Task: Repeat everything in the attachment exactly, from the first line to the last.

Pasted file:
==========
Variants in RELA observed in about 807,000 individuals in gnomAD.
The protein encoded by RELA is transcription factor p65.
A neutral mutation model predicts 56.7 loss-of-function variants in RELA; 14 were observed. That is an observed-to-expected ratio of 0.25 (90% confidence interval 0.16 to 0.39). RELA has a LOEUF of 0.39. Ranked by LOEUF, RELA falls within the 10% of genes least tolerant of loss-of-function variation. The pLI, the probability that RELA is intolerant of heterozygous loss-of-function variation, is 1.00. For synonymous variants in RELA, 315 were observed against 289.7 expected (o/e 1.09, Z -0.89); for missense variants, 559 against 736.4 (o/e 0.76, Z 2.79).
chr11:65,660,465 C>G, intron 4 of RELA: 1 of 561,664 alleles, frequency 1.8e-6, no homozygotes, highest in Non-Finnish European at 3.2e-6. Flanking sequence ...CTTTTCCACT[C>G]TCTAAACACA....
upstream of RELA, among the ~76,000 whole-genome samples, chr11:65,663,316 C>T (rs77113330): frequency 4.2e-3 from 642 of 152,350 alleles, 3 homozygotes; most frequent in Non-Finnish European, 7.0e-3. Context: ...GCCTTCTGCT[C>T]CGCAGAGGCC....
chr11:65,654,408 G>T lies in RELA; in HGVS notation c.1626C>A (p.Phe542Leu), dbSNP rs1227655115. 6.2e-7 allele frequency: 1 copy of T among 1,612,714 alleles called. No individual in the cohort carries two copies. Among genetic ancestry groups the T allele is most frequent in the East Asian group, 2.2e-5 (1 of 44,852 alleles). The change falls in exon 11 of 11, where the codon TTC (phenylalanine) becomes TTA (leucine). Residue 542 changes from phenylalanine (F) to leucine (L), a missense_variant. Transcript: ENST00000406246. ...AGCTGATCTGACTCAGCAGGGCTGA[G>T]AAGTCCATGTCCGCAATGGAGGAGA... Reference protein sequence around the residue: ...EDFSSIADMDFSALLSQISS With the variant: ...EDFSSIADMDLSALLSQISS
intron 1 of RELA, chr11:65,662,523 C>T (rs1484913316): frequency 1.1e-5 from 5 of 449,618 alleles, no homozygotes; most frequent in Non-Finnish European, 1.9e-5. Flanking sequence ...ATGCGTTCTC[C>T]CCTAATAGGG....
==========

Variants in RELA observed in about 807,000 individuals in gnomAD.
The protein encoded by RELA is transcription factor p65.
A neutral mutation model predicts 56.7 loss-of-function variants in RELA; 14 were observed. That is an observed-to-expected ratio of 0.25 (90% confidence interval 0.16 to 0.39). RELA has a LOEUF of 0.39. Ranked by LOEUF, RELA falls within the 10% of genes least tolerant of loss-of-function variation. The pLI, the probability that RELA is intolerant of heterozygous loss-of-function variation, is 1.00. For synonymous variants in RELA, 315 were observed against 289.7 expected (o/e 1.09, Z -0.89); for missense variants, 559 against 736.4 (o/e 0.76, Z 2.79).
chr11:65,660,465 C>G, intron 4 of RELA: 1 of 561,664 alleles, frequency 1.8e-6, no homozygotes, highest in Non-Finnish European at 3.2e-6. Flanking sequence ...CTTTTCCACT[C>G]TCTAAACACA....
upstream of RELA, among the ~76,000 whole-genome samples, chr11:65,663,316 C>T (rs77113330): frequency 4.2e-3 from 642 of 152,350 alleles, 3 homozygotes; most frequent in Non-Finnish European, 7.0e-3. Context: ...GCCTTCTGCT[C>T]CGCAGAGGCC....
chr11:65,654,408 G>T lies in RELA; in HGVS notation c.1626C>A (p.Phe542Leu), dbSNP rs1227655115. 6.2e-7 allele frequency: 1 copy of T among 1,612,714 alleles called. No individual in the cohort carries two copies. Among genetic ancestry groups the T allele is most frequent in the East Asian group, 2.2e-5 (1 of 44,852 alleles). The change falls in exon 11 of 11, where the codon TTC (phenylalanine) becomes TTA (leucine). Residue 542 changes from phenylalanine (F) to leucine (L), a missense_variant. Transcript: ENST00000406246. ...AGCTGATCTGACTCAGCAGGGCTGA[G>T]AAGTCCATGTCCGCAATGGAGGAGA... Reference protein sequence around the residue: ...EDFSSIADMDFSALLSQISS With the variant: ...EDFSSIADMDLSALLSQISS
intron 1 of RELA, chr11:65,662,523 C>T (rs1484913316): frequency 1.1e-5 from 5 of 449,618 alleles, no homozygotes; most frequent in Non-Finnish European, 1.9e-5. Flanking sequence ...ATGCGTTCTC[C>T]CCTAATAGGG....